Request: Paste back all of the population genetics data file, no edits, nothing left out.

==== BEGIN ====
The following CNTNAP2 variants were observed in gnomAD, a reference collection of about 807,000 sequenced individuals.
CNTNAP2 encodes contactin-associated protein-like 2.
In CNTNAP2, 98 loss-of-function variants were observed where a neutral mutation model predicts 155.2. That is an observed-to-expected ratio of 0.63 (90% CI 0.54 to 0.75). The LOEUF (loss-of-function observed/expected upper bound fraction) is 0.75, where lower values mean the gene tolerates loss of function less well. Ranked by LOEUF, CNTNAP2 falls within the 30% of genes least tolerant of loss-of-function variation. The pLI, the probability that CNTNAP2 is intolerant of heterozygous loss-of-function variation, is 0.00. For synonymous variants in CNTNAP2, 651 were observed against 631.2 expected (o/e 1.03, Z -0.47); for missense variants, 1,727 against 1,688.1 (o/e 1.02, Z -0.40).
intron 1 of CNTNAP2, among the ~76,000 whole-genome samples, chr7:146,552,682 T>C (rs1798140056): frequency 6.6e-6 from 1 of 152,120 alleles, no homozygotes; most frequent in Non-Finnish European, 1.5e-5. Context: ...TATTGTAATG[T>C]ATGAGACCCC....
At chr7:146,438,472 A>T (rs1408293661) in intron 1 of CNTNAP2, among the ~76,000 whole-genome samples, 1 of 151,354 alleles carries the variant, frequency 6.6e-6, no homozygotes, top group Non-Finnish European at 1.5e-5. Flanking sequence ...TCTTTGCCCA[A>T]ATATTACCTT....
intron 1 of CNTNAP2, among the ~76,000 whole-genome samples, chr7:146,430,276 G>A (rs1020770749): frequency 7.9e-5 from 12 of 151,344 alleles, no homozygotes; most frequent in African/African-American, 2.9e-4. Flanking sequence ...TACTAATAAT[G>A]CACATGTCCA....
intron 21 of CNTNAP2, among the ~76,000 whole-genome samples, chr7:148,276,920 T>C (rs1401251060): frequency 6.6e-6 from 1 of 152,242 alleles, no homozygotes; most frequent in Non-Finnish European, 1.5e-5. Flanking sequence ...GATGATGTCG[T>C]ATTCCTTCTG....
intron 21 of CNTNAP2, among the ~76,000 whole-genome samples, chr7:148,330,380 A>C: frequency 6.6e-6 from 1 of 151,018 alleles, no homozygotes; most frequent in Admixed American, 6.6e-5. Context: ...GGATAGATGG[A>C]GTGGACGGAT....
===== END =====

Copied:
The following CNTNAP2 variants were observed in gnomAD, a reference collection of about 807,000 sequenced individuals.
CNTNAP2 encodes contactin-associated protein-like 2.
In CNTNAP2, 98 loss-of-function variants were observed where a neutral mutation model predicts 155.2. That is an observed-to-expected ratio of 0.63 (90% CI 0.54 to 0.75). The LOEUF (loss-of-function observed/expected upper bound fraction) is 0.75, where lower values mean the gene tolerates loss of function less well. Ranked by LOEUF, CNTNAP2 falls within the 30% of genes least tolerant of loss-of-function variation. The pLI, the probability that CNTNAP2 is intolerant of heterozygous loss-of-function variation, is 0.00. For synonymous variants in CNTNAP2, 651 were observed against 631.2 expected (o/e 1.03, Z -0.47); for missense variants, 1,727 against 1,688.1 (o/e 1.02, Z -0.40).
intron 1 of CNTNAP2, among the ~76,000 whole-genome samples, chr7:146,552,682 T>C (rs1798140056): frequency 6.6e-6 from 1 of 152,120 alleles, no homozygotes; most frequent in Non-Finnish European, 1.5e-5. Context: ...TATTGTAATG[T>C]ATGAGACCCC....
At chr7:146,438,472 A>T (rs1408293661) in intron 1 of CNTNAP2, among the ~76,000 whole-genome samples, 1 of 151,354 alleles carries the variant, frequency 6.6e-6, no homozygotes, top group Non-Finnish European at 1.5e-5. Flanking sequence ...TCTTTGCCCA[A>T]ATATTACCTT....
intron 1 of CNTNAP2, among the ~76,000 whole-genome samples, chr7:146,430,276 G>A (rs1020770749): frequency 7.9e-5 from 12 of 151,344 alleles, no homozygotes; most frequent in African/African-American, 2.9e-4. Flanking sequence ...TACTAATAAT[G>A]CACATGTCCA....
intron 21 of CNTNAP2, among the ~76,000 whole-genome samples, chr7:148,276,920 T>C (rs1401251060): frequency 6.6e-6 from 1 of 152,242 alleles, no homozygotes; most frequent in Non-Finnish European, 1.5e-5. Flanking sequence ...GATGATGTCG[T>C]ATTCCTTCTG....
intron 21 of CNTNAP2, among the ~76,000 whole-genome samples, chr7:148,330,380 A>C: frequency 6.6e-6 from 1 of 151,018 alleles, no homozygotes; most frequent in Admixed American, 6.6e-5. Context: ...GGATAGATGG[A>C]GTGGACGGAT....